Learn more about Log Cabin Resort.
Sol Duc Hot Springs Resort
If simple and straightforward Olympic National Park lodging is what you’re after, then Sol Duc Hot Springs Resort is your best bet. The compound is made up of several small cabins as well as a dining room, restaurant, mineral-pool hot springs, and general store. Sol Duc Hot Springs Resort is one of the best places to stay for those looking to explore the nearby Sol Duc Valley and Sol Duc Falls.
Learn more about Sol Duc Hot Springs.
Olympic National Park Must-See Destinations
When camping in Olympic National Park, there are a few must-see destinations that all visitors need to check out.
- Hoh Rain Forest – Receiving over 134 inches of rain per year, this rainy gem of Olympic National Park is covered in greenery from hanging moss to towering trees to boundless ferns.
- Kalaloch Beach – Located at the southern end of the park, Kalaloch is hands down one of the most beautiful beaches in the world. Take a trip up to Ruby Beach to see the towering sea stacks.
- Sol Duc Falls – Churning white water tumbling into a narrow ravine surrounded by towering old growth trees are what make Sol Duc Falls so special.
- Quinault Rain Forest – Also known as the “Valley of Rainforest Giants,” this Washington rainforest is home to the largest Western Red Cedar, Sitka Spruce, Western Hemlock, Alaskan Cedar, and Mountain Hemlock on record.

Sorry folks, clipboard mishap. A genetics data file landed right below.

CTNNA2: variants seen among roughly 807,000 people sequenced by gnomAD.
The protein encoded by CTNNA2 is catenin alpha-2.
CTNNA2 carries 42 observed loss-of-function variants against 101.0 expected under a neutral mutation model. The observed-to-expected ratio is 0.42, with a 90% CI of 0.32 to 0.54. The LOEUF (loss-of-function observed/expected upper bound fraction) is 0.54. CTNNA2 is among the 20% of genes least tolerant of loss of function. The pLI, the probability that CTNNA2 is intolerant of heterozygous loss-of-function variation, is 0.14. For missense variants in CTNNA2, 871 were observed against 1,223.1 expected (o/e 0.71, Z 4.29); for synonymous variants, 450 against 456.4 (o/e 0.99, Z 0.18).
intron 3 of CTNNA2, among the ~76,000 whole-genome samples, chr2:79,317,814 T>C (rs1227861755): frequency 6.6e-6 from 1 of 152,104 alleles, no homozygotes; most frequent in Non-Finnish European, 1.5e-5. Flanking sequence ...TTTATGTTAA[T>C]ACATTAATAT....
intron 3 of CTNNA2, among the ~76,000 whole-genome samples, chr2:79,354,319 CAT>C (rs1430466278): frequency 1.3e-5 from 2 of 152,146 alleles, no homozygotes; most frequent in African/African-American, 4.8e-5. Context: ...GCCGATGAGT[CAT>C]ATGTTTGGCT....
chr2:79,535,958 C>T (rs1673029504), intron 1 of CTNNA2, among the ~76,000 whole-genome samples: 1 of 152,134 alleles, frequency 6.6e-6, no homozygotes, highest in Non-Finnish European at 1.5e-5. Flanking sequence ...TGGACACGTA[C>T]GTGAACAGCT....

- Lake Crescent – One of the most popular and scenic destinations in Olympic National Park, this sprawling lake provides plenty of outdoor entertainment, including kayaking, canoeing, swimming, and more.
- Hurricane Ridge – Drawing its name from the strong winds the rip through the area, this impressive ridge boasts some of the most beautiful views in the park. It’s also home to prime snowshoeing and cross-country skiing in the winter.
- Rialto Beach – This extremely rugged beach is a great place to get a taste for pure wilderness. Unlike sandy Kalaloch Beach to the south, Rialto is largely rock with giant driftwood logs and soaring sea stacks as a backdrop.
Hiking and Backpacking in Olympic National Park
Don’t go camping in Olympic National Park without going on at least one or two hikes.
In addition to dozens of hikes of all lengths and difficulty levels, the park is also known for its world-class overnight backpacking. Washington Trails Association is an invaluable resource for hiking in Olympic National Park. Their list of Great Summer Hikes on the Olympic Peninsula will point you in the direction of the park’s most popular hiking trails.
Here are a few of our favorite Olympic National Park hikes for all skill levels:
- Sol Duc Falls – This trail winds through misty, old-growth forests and mossy ravines until it arrives at the titular waterfalls, among the most beautiful in the state. The hike ranges from 1.6 to 5.3 miles roundtrip depending on your route.
- Mount Ellinor – Two trailheads give you the option of a 3.2 or 6.2-mile roundtrip hike to the top. Enjoy views of the park’s interior, its numerous volcanoes, and a large swath of the Puget Sound. On clear days you can sometimes even see Seattle!
- Third Beach – Although it’s not as popular as First or Second Beach, the 3.6-mile roundtrip hike to Third Beach isn’t anything to scoff at. The dramatic sea stacks in Strawberry Bay are the highlight of this hike. You can even camp on the beach!
- North Fork Quinault River Trail – For overnight backpacking in Olympic National Park, it’s hard to beat this 21-mile loop of moderate difficulty. More experienced backpackers can take an alternate trail for a 47-mile loop that takes around a week to fully enjoy.